Having A Tooth Pulled For The First Time? Here's What You Want To Know

There are some treatments at the dentist office that are really no big deal, such as having your teeth cleaned or a cavity filled. However, tooth extraction is one of those dental treatments that tends to make patients a little apprehensive because it is a form of treatment that can be a little more intrusive. If you are facing an appointment to have a tooth pulled and this will be your first experience, you are bound to have a few questions. Take a peek at these usual questions about tooth extractions that first-timers tend to have about the process. 

How painful is a tooth extraction?

Before the tooth extraction, the dentist will rub a numbing agent on the soft tissue surrounding the tooth and then give a series of localized anesthetic shots with a needle to numb the nerves in the area around the tooth to be pulled. Therefore, you should not really feel the tooth come out in a way that will be painful. You may feel some pressure as the dentist works to break the tooth loose from its place, but this is not a painful experience. 

Does the procedure take very long?

Once the dentist has prepared the area around the tooth and administered the anesthetic, you will be left to wait a few minutes until the medication fully kicks in. Beyond that point, the act of pulling the tooth does not take very long at all. In rare situations when the tooth is badly decayed, broken, or chipped, it can take a bit for the dentist to pull out the tooth because it will often come out in small pieces instead of as a whole.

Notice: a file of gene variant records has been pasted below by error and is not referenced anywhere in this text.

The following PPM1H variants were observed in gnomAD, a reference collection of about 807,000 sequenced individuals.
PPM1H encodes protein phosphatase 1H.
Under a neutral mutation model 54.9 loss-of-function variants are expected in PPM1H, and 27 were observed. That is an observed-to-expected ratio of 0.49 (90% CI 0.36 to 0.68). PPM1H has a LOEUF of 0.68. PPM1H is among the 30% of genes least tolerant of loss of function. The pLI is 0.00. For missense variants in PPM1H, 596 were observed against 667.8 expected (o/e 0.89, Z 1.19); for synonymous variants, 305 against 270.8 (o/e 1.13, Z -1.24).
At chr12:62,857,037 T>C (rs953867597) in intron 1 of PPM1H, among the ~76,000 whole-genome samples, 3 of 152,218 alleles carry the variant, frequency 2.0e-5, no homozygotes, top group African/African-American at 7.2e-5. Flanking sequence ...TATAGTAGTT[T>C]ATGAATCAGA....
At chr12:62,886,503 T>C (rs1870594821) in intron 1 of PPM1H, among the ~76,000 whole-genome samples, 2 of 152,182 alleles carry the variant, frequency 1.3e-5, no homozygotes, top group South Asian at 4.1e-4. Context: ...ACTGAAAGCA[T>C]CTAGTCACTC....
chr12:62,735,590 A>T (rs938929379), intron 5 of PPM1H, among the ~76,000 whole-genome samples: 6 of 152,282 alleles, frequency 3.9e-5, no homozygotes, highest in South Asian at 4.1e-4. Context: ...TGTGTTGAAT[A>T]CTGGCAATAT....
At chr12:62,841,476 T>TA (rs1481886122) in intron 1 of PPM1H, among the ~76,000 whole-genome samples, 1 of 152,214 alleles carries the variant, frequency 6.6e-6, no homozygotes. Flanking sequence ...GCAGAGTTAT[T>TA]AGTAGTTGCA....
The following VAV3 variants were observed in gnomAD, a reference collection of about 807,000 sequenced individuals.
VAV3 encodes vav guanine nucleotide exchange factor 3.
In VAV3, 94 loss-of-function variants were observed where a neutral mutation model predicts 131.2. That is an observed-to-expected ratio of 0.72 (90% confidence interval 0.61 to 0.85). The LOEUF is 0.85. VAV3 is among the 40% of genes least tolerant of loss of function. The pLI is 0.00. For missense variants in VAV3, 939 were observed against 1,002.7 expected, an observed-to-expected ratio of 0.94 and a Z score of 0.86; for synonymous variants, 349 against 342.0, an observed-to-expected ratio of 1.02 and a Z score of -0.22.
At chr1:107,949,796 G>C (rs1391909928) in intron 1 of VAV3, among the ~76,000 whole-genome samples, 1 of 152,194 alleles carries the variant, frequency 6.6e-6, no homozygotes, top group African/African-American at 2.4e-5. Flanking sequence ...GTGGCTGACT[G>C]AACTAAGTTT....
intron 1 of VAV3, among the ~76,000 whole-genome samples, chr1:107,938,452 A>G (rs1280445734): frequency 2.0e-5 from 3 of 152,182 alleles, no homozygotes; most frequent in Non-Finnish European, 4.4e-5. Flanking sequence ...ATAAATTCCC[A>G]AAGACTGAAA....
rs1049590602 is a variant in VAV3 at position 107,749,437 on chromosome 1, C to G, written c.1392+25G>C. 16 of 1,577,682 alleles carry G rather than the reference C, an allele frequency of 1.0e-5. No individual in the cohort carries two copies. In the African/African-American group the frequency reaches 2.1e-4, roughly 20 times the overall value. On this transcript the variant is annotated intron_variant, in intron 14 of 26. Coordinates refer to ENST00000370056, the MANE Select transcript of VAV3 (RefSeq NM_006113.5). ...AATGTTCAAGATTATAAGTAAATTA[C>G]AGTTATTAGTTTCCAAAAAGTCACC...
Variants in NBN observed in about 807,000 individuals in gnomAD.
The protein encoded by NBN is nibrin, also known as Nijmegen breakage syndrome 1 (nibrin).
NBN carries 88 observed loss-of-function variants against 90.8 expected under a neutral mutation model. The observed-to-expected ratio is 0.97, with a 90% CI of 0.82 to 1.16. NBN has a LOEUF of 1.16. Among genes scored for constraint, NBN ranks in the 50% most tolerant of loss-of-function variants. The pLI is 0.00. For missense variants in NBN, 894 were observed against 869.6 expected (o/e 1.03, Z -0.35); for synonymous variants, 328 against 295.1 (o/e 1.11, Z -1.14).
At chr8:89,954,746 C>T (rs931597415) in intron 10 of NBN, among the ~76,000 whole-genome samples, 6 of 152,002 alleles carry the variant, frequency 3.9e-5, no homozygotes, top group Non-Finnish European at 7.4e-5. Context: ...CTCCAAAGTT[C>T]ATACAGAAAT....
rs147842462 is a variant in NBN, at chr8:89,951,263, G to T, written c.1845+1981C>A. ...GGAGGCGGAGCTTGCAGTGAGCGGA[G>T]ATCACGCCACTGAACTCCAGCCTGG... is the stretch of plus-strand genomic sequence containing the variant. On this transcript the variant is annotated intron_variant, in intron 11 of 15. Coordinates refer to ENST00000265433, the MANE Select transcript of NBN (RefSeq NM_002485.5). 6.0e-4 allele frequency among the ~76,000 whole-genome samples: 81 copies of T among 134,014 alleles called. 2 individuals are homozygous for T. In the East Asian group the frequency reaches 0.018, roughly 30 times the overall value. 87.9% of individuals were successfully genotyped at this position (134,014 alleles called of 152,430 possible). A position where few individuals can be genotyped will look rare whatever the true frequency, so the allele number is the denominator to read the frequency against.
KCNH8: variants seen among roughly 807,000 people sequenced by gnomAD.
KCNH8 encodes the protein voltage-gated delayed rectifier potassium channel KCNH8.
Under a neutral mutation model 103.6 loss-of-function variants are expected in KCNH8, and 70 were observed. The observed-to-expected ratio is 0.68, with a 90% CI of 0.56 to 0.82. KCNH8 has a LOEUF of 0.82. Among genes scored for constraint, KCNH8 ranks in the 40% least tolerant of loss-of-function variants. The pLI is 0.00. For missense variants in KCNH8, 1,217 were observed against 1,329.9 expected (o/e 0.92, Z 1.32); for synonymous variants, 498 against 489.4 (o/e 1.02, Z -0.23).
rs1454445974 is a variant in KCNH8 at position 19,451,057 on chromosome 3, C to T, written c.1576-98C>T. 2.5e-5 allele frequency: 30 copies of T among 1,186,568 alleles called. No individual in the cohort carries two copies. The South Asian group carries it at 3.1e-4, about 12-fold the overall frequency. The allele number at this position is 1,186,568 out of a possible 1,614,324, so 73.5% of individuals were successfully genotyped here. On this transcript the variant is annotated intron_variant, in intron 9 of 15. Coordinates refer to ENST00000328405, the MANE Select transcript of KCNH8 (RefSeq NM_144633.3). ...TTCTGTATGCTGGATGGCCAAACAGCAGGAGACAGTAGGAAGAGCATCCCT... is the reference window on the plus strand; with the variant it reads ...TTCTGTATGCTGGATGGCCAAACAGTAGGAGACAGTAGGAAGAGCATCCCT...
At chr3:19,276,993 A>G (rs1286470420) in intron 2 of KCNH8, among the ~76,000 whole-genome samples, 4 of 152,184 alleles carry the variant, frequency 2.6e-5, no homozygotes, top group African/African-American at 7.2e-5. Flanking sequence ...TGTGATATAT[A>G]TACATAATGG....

Will there a lot of bleeding involved with a tooth extraction?

The amount of bleeding associated with having a tooth pulled will depend on several different factors. For example, a tooth that is located in the front of the mouth usually does not bleed quite as much as a molar or tooth located further back because these teeth have more surface area connected to the soft tissue. Once the tooth is out, your dentist will give you a rolled-up piece of sterile gauze to bite down on to help stop the bleeding. Once you leave the office, the bleeding should subside rather quickly. It is good to keep the gauze in place and change it as needed until the bleeding mostly subsides.